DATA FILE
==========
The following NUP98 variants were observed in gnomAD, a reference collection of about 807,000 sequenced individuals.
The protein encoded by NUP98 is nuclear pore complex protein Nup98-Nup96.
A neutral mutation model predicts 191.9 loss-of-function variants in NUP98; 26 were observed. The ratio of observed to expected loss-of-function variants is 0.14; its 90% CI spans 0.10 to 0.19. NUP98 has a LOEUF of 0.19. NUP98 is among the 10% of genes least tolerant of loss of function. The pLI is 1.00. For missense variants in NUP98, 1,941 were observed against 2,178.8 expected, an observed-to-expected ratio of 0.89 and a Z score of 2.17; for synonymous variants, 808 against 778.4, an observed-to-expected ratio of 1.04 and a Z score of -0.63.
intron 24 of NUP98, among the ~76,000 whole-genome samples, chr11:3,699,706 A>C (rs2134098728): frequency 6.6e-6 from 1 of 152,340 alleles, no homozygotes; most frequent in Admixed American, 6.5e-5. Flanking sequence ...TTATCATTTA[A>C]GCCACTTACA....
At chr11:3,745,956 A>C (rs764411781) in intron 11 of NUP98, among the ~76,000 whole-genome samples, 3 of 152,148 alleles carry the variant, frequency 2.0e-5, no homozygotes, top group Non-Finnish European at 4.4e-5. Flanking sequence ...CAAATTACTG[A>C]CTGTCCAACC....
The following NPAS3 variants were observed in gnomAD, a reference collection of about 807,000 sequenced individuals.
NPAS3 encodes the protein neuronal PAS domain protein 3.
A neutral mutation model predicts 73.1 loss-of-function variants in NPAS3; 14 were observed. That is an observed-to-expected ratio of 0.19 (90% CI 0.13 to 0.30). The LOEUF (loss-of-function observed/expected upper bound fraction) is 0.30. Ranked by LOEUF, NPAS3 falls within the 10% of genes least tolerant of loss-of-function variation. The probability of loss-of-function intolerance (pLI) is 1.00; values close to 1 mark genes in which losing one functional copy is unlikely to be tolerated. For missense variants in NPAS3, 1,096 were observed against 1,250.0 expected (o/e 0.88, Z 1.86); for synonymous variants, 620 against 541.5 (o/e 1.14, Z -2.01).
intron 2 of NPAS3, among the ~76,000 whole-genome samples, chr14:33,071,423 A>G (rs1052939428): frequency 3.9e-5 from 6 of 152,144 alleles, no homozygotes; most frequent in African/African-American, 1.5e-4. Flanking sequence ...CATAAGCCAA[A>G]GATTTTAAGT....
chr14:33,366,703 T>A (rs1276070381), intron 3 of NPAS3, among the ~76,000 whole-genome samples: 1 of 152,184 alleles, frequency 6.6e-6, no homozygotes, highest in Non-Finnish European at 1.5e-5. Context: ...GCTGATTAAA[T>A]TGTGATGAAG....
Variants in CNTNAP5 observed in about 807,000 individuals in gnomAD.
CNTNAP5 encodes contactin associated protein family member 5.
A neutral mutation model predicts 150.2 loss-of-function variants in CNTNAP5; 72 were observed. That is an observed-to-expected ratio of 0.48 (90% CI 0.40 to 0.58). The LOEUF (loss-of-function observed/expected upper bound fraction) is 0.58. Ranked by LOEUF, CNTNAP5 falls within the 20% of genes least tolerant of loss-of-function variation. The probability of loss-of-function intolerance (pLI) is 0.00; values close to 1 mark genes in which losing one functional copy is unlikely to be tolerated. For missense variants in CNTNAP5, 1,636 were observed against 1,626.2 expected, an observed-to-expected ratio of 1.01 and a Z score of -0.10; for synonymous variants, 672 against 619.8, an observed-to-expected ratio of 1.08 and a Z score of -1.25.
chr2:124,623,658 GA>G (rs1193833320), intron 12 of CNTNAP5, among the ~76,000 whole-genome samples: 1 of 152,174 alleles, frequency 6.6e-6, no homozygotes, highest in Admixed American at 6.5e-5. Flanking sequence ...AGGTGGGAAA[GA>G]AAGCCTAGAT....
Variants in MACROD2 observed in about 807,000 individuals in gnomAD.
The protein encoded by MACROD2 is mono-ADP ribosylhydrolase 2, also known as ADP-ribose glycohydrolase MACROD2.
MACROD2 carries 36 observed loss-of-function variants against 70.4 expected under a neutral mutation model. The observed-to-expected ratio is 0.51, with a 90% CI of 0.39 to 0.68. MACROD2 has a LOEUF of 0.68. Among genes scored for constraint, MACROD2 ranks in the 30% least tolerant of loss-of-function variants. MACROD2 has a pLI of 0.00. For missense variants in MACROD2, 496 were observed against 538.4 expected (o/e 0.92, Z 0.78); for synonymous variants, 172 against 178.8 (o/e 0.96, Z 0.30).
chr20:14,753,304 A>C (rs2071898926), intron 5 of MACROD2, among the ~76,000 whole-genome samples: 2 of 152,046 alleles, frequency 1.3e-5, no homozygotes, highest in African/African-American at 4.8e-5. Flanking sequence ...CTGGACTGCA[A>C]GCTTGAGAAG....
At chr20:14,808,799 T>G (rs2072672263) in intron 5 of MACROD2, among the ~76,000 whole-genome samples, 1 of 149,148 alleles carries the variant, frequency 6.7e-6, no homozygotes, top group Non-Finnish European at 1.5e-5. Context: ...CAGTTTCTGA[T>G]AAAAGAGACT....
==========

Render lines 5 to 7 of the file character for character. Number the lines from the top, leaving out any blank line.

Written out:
At chr11:3,745,956 A>C (rs764411781) in intron 11 of NUP98, among the ~76,000 whole-genome samples, 3 of 152,148 alleles carry the variant, frequency 2.0e-5, no homozygotes, top group Non-Finnish European at 4.4e-5. Flanking sequence ...CAAATTACTG[A>C]CTGTCCAACC....
The following NPAS3 variants were observed in gnomAD, a reference collection of about 807,000 sequenced individuals.
NPAS3 encodes the protein neuronal PAS domain protein 3.